Electric cars are so quick, they make me sick. If you’ve ever been on one of those vertical-drop rides at a theme park, Porsche’s electric Taycan accelerates just like that. You feel a sudden drop in the pit of your stomach. Nothing, then everything.
On a racetrack, which is the only place you can truly feel what this machine can do, it’s the mid-corner acceleration that’ll make you turn green. The sudden spike in lateral force when accelerating out of a turn is like being blindsided by a linebacker. Half an hour flat out in the Taycan was all my stomach could take.
You could blame my ragged driving, but doing lap after lap in the Porsche 718 Spyder – a minimalist two-seater powered only by exploding fuel and air – I could have kept going until there was no rubber left on the tires.
As necessary as the shift to electric cars has become – carbon emissions aren’t going to lower themselves – gearheads are going to lose out. When it comes to sports cars, especially on a racetrack, I’m sorry to say that internal combustion engines are still just better.
It’s not just the driving experience, either; it’s the little things. Going electric (or hydrogen) means saying goodbye to the intoxicating sound of a big V8 with a lumpy camshaft. It means saying goodbye to the killer-bee buzz of a naturally aspirated mill cranking out more than 100 horsepower per litre. Instead, with electric cars, we’ll get a fake spaceship noise designed with input from the marketing department. Firing up an electric car, you’re greeted by the same “bleep-bloop” sound you get when you turn on a television.
Say goodbye to changing gears, too, and definitely say goodbye to changing them manually with a clutch pedal and stick shift. There’s simply less for a driver to do in an EV on a racetrack. It’s more point and shoot. (More time to spend watching the battery drain, I guess.)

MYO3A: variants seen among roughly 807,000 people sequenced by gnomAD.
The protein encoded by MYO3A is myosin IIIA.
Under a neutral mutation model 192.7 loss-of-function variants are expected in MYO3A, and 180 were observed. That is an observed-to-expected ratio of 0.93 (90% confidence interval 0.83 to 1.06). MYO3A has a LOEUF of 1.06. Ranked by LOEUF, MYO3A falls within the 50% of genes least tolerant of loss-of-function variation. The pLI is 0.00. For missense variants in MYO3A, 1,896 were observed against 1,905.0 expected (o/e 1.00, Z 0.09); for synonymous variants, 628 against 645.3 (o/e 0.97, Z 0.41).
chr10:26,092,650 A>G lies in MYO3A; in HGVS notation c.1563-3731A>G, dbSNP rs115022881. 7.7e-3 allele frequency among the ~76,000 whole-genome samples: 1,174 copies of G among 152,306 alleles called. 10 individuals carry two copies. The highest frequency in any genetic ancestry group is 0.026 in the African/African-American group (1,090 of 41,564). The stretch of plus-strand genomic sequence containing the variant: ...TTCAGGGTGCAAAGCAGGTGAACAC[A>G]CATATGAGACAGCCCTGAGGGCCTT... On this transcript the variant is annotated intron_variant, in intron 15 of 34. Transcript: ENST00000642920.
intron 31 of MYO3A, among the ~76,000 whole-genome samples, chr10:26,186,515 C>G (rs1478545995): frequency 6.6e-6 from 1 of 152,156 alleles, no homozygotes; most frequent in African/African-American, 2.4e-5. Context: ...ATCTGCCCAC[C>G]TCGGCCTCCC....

Say goodbye to the mechanical wonder of a well-made combustion engine. Forget opening up the hood to admire machined cam covers, individual throttle bodies, carbon-fibre intake plenums, turbochargers the size of basketballs and handmade exhaust headers that deserve a place in the Museum of Modern Art. The mechanical brilliance of a compact Cosworth V12 that produces 1,000 horsepower without exploding or melting down makes even the finest Swiss-watch movements look simple. Adios to all that.
Looking under the hood of an EV is as exciting as peering into an empty suitcase. It’s usually just a black hole, a big empty box for cargo. Practical, sure, but not something likely to inspire excitement or curiosity. Even if you do manage to somehow find the electric motor, it’ll look essentially like a scaled-up version of what’s in your cordless drill.
There’s also no getting around the fact that electric cars are ponderous, heavy beasts. Excess weight, as every automotive engineer from Lotus founder Colin Chapman to Red Bull Racingʼs Adrian Newey will tell you, is a very bad thing for a sports car. Driving an EV at high speeds on track can be like trying to steer a wrecking ball. The Taycan Turbo did an admirable job, considering it weighs nearly as much as a Cadillac Escalade, but you can feel its electronic systems working overtime in a desperate attempt to keep the car going where the steering wheel is pointing. In comparison, the lightweight gas-powered Porsche 718 changed directions like a sparrow. It handled with much more transparency, more feel.
There isn’t an electric car on the planet that’s as fun or engaging to drive fast as that little Porsche, or, for that matter, a Mazda MX-5 or Shelby Mustang.
For the loose collection of weirdos who like cars, for those people who understand that driving is not merely a chore, their fear (and mine) is that electric cars are all going to be the same. Without the tactile driving experience and geeky mechanical appeal, an EV isnʼt all that different from any other big electrical appliance.
Of course, in the 19th century, horse-and-buggy enthusiasts probably couldn’t understand what was so interesting about automobiles either. Electric vehicle technology is still young. Even Porsche and Tesla have only just scratched the surface of what electric cars can do. So while we mourn the inevitable demise of internal combustion engines and lightweight sports cars, it’s too soon to abandon all hope for an exciting automotive future.
Come on Tesla, where’s that new Roadster already?
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